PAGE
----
The impact of air quality on public health in the UAE will be the subject of a new study announced on Tuesday by Mariam Al Mheiri, Minister of Climate Change and Environment.
The study, which will be conducted by the ministry in partnership with the Pure Health group, will focus on how air quality affects longevity and quality of life.
“By assessing the impact of air quality on health, we can make informed decisions that contribute to effective climate action, enhance community health and achieve comprehensive sustainability,” Ms Al Mheiri said.
“As we prepare to host Cop28 in November this year, and within the Year of Sustainability, the memorandum with Pure Health emphasises our focus on promoting a sustainable future for our country and the world by establishing more strategic partnerships.”
Ms Al Mheiri added that the study was in keeping with the country's efforts to “achieve the perfect balance between economic and social development, including the health of community members”.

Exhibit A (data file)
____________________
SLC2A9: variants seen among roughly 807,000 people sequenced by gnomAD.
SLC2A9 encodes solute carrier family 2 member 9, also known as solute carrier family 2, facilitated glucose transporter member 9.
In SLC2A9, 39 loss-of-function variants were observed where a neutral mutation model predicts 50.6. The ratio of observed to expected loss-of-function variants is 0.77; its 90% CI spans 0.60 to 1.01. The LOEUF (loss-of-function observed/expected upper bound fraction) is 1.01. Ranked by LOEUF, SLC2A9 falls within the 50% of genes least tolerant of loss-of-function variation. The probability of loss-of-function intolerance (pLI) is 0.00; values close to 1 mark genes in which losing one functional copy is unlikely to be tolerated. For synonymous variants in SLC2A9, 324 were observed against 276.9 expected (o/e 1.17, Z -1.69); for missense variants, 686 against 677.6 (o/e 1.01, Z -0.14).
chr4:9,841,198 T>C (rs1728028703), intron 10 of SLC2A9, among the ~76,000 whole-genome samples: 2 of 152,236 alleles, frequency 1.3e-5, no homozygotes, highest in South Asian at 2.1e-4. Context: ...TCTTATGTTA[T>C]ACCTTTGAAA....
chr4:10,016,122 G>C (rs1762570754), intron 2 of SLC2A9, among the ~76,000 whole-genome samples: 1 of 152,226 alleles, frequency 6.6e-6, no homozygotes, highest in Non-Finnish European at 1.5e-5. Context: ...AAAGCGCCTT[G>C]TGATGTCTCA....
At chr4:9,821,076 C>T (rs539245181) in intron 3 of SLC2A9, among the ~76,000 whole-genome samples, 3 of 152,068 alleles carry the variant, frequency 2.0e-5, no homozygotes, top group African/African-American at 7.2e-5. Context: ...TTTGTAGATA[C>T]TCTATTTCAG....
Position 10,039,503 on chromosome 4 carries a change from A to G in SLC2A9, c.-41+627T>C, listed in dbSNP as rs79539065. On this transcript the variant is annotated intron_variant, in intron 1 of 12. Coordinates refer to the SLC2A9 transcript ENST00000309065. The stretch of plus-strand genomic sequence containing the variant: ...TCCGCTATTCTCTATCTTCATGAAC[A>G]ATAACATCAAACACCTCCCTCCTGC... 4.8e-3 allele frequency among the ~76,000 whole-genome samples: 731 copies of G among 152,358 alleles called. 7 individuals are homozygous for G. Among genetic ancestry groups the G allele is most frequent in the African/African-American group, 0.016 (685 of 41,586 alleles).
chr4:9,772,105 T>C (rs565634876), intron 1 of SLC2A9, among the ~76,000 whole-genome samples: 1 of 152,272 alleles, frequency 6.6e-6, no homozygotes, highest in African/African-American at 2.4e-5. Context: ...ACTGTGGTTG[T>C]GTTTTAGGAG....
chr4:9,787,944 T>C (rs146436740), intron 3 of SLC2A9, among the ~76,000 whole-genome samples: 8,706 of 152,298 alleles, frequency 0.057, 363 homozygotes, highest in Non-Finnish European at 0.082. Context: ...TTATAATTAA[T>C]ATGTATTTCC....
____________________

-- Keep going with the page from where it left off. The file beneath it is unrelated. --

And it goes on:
She also stressed it would be a key driver in efforts to reach the country's targets as mapped out in the National Air Quality Agenda 2031 goals.
The aim of the agenda is to ensure a healthy environment for future generations.
Globally, the UAE is slightly below average for exposure to PM2.5, one of the key air pollution measurements.
Figures published by the World Bank, taken from the 2017 Global Burden of Disease Study, showed the mean annual exposure to PM2.5 in the UAE is 41 microgrammes per cubic metre.
This is compared with the World Health Organisation's recommended maximum of 5 microgrammes per cubic metre.
The global average is 46.
“Through research and assessing the impact of air quality on public health, we can work towards building a healthier and more resilient future for the people of the UAE,” said Farhan Malik, managing director and chief executive of Pure Health.
The study was launched on the same day that researchers said reducing air pollution could be a critical step in tackling the rising threat of antibiotic-resistant bacteria and could save thousands of lives.
The findings were published in journal The Lancet Planetary Health.
The UAE is preparing to host the Cop28 climate change conference, which will be held in Dubai at the end of November.